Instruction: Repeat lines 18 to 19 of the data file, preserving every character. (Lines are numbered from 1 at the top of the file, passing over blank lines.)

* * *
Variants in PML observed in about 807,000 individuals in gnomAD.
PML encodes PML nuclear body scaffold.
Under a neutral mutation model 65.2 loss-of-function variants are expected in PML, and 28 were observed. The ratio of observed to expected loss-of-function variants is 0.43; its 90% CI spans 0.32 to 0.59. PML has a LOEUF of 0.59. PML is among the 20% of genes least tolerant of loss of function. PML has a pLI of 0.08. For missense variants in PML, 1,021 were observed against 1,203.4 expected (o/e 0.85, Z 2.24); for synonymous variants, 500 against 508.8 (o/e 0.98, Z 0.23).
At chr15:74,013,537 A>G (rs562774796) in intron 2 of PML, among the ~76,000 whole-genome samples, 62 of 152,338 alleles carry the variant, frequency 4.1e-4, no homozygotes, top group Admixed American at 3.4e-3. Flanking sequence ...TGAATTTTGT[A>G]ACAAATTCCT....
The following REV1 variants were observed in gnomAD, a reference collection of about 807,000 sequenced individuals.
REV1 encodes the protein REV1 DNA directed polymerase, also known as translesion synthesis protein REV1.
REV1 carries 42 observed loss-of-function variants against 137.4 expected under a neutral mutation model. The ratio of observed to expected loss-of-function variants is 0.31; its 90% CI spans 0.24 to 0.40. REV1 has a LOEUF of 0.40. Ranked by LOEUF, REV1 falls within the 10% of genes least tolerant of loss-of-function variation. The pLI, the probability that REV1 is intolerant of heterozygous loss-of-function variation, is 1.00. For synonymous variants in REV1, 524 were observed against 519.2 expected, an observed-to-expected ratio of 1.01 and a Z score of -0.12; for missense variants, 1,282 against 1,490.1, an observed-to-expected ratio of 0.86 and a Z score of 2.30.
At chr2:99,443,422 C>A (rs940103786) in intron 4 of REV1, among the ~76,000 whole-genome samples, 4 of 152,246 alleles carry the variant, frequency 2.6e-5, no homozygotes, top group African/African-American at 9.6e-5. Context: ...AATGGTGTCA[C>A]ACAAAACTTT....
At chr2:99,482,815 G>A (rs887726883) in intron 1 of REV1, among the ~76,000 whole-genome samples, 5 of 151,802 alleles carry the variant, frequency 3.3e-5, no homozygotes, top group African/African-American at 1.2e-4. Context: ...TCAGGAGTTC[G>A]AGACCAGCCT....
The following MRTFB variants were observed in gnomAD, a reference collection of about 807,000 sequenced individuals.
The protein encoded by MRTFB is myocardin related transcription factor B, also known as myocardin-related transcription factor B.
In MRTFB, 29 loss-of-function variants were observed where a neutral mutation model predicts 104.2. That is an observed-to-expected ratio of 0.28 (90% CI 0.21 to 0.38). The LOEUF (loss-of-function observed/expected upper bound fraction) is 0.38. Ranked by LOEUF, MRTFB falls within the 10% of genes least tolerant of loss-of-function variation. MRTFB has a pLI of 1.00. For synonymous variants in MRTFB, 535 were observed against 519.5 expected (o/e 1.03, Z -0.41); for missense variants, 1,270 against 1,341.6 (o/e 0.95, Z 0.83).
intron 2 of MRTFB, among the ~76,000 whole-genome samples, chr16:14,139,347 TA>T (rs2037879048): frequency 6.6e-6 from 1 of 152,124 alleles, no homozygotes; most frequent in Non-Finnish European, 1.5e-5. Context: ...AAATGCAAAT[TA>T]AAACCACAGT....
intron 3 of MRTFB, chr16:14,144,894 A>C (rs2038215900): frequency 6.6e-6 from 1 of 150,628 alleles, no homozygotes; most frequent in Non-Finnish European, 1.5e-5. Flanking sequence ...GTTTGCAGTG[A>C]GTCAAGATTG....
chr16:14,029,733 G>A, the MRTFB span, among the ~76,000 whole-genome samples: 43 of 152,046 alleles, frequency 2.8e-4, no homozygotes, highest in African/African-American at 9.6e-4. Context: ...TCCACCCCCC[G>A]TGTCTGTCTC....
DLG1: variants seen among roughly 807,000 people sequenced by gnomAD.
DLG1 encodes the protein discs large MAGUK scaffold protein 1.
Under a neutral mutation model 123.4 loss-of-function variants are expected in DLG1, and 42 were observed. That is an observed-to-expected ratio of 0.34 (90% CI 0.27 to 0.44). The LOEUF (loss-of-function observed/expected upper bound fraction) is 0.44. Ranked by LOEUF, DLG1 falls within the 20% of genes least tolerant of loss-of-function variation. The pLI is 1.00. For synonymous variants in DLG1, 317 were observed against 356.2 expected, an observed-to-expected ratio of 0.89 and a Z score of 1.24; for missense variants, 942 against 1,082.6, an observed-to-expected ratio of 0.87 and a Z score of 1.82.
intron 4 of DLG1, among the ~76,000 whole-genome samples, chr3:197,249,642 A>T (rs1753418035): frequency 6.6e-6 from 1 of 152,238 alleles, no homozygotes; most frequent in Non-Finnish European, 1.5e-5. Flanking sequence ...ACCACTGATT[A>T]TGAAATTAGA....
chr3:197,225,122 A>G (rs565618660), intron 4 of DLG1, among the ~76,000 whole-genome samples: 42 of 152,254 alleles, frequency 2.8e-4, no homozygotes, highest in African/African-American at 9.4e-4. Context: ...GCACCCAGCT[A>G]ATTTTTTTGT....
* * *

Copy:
Under a neutral mutation model 123.4 loss-of-function variants are expected in DLG1, and 42 were observed. That is an observed-to-expected ratio of 0.34 (90% CI 0.27 to 0.44). The LOEUF (loss-of-function observed/expected upper bound fraction) is 0.44. Ranked by LOEUF, DLG1 falls within the 20% of genes least tolerant of loss-of-function variation. The pLI is 1.00. For synonymous variants in DLG1, 317 were observed against 356.2 expected, an observed-to-expected ratio of 0.89 and a Z score of 1.24; for missense variants, 942 against 1,082.6, an observed-to-expected ratio of 0.87 and a Z score of 1.82.
intron 4 of DLG1, among the ~76,000 whole-genome samples, chr3:197,249,642 A>T (rs1753418035): frequency 6.6e-6 from 1 of 152,238 alleles, no homozygotes; most frequent in Non-Finnish European, 1.5e-5. Flanking sequence ...ACCACTGATT[A>T]TGAAATTAGA....